How Much Does Wall Street Charge To Manage New Mexico’s Retirement Money?

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Since 2013, New Mexico taxpayers have paid at least $14.3 million – or nearly $9,000 a day – to nine financial firms whose donors helped bankroll Republican Gov. Susana Martinez’s political apparatus, according to state records obtained by International Business Times. The disclosures emerged as Martinez faced calls for an investigation into possible pay-to-play activity at state investment funds after an International Business Times/MapLight report documented how New Mexico investment deals flowed to donors’ firms.

The total amount New Mexico paid in fees to the nine investment companies, who in total gave more than $1.2 million to political groups backing Martinez, is almost certainly higher than $14 million, as that figure includes only management fees, which generally equal 1.5 percent to 2 percent of the total assets. Those firms also receive performance fees, which can total up to 20 percent of the returns on an investment. But the New Mexico Educational Retirement Board (NMERB), like many pension funds, refuses to disclose the performance fees it pays to investors, despite the fact those investors are managing billions in public money – obscuring what one expert said could be a 50 percent larger total payout.

In response to IBT’s open records request for fee data, the New Mexico Educational Retirement Board blocked the release of documents detailing performance fees.

“Performance fee data for each fund is considered trade secret and therefore exempt from disclosure,” the NMERB wrote to IBT. The seven-member board includes three seats appointed by Martinez, one of which has remained vacant since 2015.

While the total amount of fees the NMERB pays to investors remains hidden from public view, the total is likely somewhere around $21 million, or 50 percent higher than the disclosed total, according to Jeff Hooke, a Johns Hopkins University finance professor who has worked in private equity. Six of the nine donor firms identified by IBT have invested state money into their private equity funds.

Private equity funds, he said, have to reach a certain threshold of returns, usually 8 percent, to receive the 20 percent commission. But the Standard and Poor’s 500 index, which is commonly used as a benchmark for private equity performance, offers average annual returns of roughly 10 percent. Put simply, private equity managers can underperform and still get a fifth of their clients’ profits.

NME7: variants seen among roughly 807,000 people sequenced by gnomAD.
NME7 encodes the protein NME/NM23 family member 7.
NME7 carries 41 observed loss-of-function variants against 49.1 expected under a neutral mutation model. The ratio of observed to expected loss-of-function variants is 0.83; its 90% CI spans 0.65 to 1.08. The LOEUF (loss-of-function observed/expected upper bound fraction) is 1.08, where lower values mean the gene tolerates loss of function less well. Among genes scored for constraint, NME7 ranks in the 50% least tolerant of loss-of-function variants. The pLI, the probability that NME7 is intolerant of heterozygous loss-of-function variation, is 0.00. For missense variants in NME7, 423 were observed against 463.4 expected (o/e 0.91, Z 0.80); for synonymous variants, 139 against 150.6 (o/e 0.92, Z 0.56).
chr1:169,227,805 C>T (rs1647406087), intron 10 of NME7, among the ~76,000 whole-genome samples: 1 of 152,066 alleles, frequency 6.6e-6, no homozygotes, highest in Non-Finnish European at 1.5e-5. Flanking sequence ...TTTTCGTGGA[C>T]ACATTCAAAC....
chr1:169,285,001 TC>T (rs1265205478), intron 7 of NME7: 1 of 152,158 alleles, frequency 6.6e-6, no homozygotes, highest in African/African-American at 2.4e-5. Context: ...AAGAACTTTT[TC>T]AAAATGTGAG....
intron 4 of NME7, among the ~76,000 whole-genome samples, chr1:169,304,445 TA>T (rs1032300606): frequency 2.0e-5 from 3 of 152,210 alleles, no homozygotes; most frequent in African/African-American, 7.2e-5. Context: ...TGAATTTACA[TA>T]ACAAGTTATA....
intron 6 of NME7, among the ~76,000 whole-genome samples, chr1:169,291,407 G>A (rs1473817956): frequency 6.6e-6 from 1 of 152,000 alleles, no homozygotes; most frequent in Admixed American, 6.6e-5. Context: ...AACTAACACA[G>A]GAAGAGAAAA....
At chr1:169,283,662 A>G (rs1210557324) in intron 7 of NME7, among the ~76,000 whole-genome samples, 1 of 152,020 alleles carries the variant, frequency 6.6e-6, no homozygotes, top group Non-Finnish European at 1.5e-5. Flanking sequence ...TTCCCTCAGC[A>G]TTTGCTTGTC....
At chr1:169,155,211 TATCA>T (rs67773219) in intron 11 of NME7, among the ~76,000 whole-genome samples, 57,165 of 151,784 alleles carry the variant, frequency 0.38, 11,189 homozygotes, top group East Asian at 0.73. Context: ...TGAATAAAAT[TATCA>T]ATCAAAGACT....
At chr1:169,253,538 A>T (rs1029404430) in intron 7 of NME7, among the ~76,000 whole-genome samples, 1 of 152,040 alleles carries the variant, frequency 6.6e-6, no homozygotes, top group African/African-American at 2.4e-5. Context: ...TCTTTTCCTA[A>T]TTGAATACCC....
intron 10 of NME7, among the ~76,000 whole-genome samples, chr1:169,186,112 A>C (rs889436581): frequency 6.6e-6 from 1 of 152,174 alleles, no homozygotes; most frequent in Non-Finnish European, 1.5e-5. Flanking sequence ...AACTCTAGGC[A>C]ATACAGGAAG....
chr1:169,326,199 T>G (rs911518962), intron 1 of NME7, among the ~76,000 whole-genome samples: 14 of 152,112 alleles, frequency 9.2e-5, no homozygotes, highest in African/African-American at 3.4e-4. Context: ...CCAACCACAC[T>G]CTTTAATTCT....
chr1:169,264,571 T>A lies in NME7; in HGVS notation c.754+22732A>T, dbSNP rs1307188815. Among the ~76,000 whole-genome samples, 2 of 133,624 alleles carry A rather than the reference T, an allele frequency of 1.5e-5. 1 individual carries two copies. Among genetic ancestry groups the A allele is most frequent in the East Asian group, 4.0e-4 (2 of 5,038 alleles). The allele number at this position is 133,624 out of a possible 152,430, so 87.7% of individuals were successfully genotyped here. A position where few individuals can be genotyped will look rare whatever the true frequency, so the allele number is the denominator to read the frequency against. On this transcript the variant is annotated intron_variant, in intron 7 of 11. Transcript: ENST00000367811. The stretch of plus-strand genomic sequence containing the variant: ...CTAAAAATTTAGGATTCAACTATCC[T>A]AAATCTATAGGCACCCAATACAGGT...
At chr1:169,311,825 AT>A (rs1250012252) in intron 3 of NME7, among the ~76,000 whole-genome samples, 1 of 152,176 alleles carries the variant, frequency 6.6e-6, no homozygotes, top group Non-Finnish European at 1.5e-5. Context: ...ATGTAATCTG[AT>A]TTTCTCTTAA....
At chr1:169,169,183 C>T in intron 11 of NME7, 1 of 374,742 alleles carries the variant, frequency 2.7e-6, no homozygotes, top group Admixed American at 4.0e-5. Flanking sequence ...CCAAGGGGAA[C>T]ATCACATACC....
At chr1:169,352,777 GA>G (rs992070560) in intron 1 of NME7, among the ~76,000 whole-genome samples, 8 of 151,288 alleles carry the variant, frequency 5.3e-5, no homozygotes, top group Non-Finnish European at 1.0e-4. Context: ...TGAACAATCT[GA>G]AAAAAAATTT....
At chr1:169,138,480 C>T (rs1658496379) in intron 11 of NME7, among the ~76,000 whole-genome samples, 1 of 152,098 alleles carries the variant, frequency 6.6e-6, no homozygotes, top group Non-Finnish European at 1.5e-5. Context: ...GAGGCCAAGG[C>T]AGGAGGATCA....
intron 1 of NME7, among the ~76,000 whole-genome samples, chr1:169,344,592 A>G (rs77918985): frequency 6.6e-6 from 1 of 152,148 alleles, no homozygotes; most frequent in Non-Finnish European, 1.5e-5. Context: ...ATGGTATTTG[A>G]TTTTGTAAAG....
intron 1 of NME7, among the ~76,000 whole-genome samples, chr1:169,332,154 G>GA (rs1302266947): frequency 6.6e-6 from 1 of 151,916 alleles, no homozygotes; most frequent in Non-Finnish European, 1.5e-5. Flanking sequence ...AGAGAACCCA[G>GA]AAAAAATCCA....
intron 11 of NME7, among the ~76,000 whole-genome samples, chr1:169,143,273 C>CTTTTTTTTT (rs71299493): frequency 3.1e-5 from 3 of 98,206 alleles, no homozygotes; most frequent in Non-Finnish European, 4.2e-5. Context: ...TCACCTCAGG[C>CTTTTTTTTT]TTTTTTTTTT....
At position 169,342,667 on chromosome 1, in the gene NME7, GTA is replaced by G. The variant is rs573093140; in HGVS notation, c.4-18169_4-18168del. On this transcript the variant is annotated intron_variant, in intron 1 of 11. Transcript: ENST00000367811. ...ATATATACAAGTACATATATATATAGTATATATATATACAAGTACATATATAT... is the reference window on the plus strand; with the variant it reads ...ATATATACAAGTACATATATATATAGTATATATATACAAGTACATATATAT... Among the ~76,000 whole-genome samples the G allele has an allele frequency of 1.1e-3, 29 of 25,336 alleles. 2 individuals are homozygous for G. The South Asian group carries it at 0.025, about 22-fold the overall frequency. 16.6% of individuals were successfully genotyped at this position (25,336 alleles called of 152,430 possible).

“It’s a good racket if you’re running one of the funds… you’re doing pretty well,” he said.

Last year the NMERB and the State Investment Council paid out more than $300 million in combined fees and carried interest.

On Tuesday, Martinez used a meeting of the New Mexico State Investment Council (SIC) to lash out at IBT and MapLight, deriding last week’s report as “click bait” and not “true journalism,” according to the Associated Press. However, Martinez followed the attacks with an announcement that she now supports removing elected officials from state investment boards. Martinez previously vetoed bipartisan legislation to remove the governor from the SIC, arguing the bill didn’t go far enough in removing politicians from the council. The bill would have let the state treasurer and the land commissioner, both elected officials, remain with the SIC.

The governor’s reversal came less than a week after Democratic State Rep. Bill McCamley, chairman of the New Mexico Finance Authority Oversight Committee, demanded a state investigation into whether the donations to Martinez’s political groups and subsequent state investments violated state and federal anti-corruption rules.

Several days after the IBT/MapLight report was published, NMERB executive director Jan Goodwin wrote an op-ed arguing that the governor does not influence investment decisions but conceding that pension officials are not enforcing anti-corruption rules, which are designed to bar financial firms from donating to officials like Martinez, who control appointments to pension boards.

“The Educational Retirement Board doesn’t police campaign finance laws because it has neither the enforcement authority nor the resources or expertise,” wrote Goodwin.

But now that political contributions are readily available on publicly accessible databases, some experts doubt NMERB’s argument, also espoused by a number of pension funds, that identifying political spending by firms and their members is beyond their capabilities.

“Because of sites like Followthemoney.org and Opensecrets.org, it is actually incredibly easy to search for someone’s name and find what political donations they have given,” Ciara Torres-Spelliscy, a senior research chair and law professor at Stetson College who has researched the SEC’s regulation of political donations, told IBT. “That seems like a particularly weak excuse.”

The IBT/MapLight report detailed how donors associated with financial firms directed the more than $1.2 million of campaign donations to Martinez, an affiliated super PAC and groups like the Republican Governors Association, which has given more money to Martinez’s campaigns than any other group or individual. Those firms received investments from the NMERB and the SIC. While the firms disclosed donations directly to Martinez and the super PAC, they did not disclose large donations to the RGA – even though Martinez has been part of the group’s leadership throughout her two terms as governor, including stints as both vice chair and chair of the group.